Not an secluded Event
One can never look at the infamous 1921 Tulsa Race Riot as an secluded event. It was not that at all. Such cataclysmic incidents seldom are. The signs of the times were like neon lights flashing across the sky.
We can begin with World War I, when the black citizens of America answered the call to serve their country.
During World War I 380,000 African Americans served in the wartime Army. Approximately 200,000 of these were sent to Europe. More than half of those sent oversea were stated to labor and stevedore battalions, but they performed basic duties nonetheless, building roads, bridges, and trenches in sustain of the front-line battles. approximately 42,000 saw combat.*
It’s only natural that these men returned home with the belief that they would be honored in the same manner as their white counterparts. It was not to be.
unheard of Number of Lynchings
In 1919, there were an unheard of sixty-one lynchings of African-Americans in the U.S. In 1920, another sixty-one; and in 1921 fifty-seven. It’s difficult in these times to imagine the extreme degree of lawlessness that existed to allow such slaughter to occur.
Not relegated only to America, World-wide efforts abruptly arose to stop such racial hostilities. One such effort was the Pan-African Congress in Paris organized by Harvard-educated Dr. W.E.B. Du Bois. (Du Bois had distinguished himself as being the first African-American to earn a doctorate in the U.S.)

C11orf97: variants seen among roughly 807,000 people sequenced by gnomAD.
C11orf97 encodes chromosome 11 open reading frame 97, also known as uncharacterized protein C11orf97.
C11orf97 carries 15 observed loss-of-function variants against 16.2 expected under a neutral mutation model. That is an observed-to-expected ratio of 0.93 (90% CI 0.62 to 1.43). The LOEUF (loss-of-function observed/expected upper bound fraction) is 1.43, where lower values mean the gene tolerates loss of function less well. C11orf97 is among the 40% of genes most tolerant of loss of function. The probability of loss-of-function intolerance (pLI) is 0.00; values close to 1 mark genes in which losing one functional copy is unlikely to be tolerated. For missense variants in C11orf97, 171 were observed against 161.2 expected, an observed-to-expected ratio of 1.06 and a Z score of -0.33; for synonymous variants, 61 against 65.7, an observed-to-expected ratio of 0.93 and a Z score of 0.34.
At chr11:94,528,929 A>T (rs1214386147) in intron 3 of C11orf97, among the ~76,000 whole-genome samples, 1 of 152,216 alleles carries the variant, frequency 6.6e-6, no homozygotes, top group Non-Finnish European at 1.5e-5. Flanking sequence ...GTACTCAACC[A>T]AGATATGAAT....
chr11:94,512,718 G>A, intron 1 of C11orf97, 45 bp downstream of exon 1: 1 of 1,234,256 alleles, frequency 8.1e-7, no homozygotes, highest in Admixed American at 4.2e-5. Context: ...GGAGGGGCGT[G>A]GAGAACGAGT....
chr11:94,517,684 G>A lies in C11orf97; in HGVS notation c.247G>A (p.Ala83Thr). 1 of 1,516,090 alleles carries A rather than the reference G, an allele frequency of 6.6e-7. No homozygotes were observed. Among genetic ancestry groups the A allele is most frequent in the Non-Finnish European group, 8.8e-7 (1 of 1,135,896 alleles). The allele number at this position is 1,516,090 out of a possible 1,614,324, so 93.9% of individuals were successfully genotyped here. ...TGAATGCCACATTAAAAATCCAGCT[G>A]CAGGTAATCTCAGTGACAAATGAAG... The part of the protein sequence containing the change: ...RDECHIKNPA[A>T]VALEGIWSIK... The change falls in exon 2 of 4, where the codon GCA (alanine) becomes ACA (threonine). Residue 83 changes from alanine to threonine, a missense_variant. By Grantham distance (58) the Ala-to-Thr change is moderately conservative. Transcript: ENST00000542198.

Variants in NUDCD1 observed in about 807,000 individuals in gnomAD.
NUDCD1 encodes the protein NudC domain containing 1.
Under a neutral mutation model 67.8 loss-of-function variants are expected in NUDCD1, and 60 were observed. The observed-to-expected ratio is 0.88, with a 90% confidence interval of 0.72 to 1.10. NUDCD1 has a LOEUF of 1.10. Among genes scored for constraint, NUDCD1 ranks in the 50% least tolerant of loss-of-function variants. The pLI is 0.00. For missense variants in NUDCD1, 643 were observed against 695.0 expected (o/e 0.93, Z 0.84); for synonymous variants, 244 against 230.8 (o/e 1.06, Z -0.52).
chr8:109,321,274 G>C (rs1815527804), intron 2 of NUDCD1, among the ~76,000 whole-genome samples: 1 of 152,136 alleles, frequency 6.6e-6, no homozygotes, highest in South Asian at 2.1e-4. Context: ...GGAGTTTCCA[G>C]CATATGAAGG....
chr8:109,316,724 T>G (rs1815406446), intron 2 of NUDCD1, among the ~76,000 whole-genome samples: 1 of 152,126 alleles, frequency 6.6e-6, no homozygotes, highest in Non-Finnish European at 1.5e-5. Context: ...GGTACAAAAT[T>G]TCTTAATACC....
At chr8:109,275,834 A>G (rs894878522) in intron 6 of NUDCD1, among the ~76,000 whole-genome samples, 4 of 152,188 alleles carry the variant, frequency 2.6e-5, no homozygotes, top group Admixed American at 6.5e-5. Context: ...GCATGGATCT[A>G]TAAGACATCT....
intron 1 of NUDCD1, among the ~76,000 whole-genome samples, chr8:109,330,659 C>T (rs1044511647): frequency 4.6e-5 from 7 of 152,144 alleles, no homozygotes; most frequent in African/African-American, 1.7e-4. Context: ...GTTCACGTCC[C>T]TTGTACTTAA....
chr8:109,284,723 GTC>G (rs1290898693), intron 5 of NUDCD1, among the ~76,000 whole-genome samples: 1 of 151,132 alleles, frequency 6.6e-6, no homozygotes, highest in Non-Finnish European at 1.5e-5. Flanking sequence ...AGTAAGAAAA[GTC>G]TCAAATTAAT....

The more the black communities stepped out to assert themselves, the more fear, suspicion, bitterness, and jealousy grew among the white communities.
The Emergence of Greenwood
It was because of the discovery of oil in and around Tulsa, creating new millionaires, that the black community of Greenwood (located just north of Tulsa proper) blossomed. The two sections were totally and absolutely segregated – separated by the railroad tracks.
high oil barons needed domestic help — gardeners, cooks, nannies, chauffeurs, and the like — to take care of their needs. consequently the black community had jobs in Tulsa which then produced the opportunity for businesses to arise and prosper in Greenwood.
A number of entrepreneurs emerged in Greenwood, such as a lawyer named J.B. Stradford. Stradford owned a large hotel, a savings and loan company and many pieces of real estate. Businesses and sets produced a busy shopping district that included a movie theater, newspapers, churches, schools and a hospital. It is said that it was Booker T. Washington who named the area, “Black Wall Street.”
It was a strange and unsettled time that looked so perfect on the surface. But appearances can be misleading.